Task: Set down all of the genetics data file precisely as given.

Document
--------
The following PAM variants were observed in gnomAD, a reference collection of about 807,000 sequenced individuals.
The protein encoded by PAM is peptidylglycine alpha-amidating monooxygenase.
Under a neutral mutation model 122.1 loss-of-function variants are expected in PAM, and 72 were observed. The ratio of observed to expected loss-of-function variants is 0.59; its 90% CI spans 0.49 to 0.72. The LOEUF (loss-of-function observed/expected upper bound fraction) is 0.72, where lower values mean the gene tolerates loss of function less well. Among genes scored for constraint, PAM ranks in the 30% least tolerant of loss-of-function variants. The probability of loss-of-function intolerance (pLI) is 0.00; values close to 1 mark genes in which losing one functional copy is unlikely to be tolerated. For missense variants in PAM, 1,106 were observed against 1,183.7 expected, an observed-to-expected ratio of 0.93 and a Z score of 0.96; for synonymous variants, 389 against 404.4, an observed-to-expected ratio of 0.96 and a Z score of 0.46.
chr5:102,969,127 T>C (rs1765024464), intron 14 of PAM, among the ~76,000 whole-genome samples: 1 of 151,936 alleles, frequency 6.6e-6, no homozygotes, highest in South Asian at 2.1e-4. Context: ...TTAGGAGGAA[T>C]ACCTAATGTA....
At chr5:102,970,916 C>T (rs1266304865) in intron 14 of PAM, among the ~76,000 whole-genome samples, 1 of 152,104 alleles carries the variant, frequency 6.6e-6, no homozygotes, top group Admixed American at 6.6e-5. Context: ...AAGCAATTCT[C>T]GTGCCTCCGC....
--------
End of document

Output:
The following PAM variants were observed in gnomAD, a reference collection of about 807,000 sequenced individuals.
The protein encoded by PAM is peptidylglycine alpha-amidating monooxygenase.
Under a neutral mutation model 122.1 loss-of-function variants are expected in PAM, and 72 were observed. The ratio of observed to expected loss-of-function variants is 0.59; its 90% CI spans 0.49 to 0.72. The LOEUF (loss-of-function observed/expected upper bound fraction) is 0.72, where lower values mean the gene tolerates loss of function less well. Among genes scored for constraint, PAM ranks in the 30% least tolerant of loss-of-function variants. The probability of loss-of-function intolerance (pLI) is 0.00; values close to 1 mark genes in which losing one functional copy is unlikely to be tolerated. For missense variants in PAM, 1,106 were observed against 1,183.7 expected, an observed-to-expected ratio of 0.93 and a Z score of 0.96; for synonymous variants, 389 against 404.4, an observed-to-expected ratio of 0.96 and a Z score of 0.46.
chr5:102,969,127 T>C (rs1765024464), intron 14 of PAM, among the ~76,000 whole-genome samples: 1 of 151,936 alleles, frequency 6.6e-6, no homozygotes, highest in South Asian at 2.1e-4. Context: ...TTAGGAGGAA[T>C]ACCTAATGTA....
At chr5:102,970,916 C>T (rs1266304865) in intron 14 of PAM, among the ~76,000 whole-genome samples, 1 of 152,104 alleles carries the variant, frequency 6.6e-6, no homozygotes, top group Admixed American at 6.6e-5. Context: ...AAGCAATTCT[C>T]GTGCCTCCGC....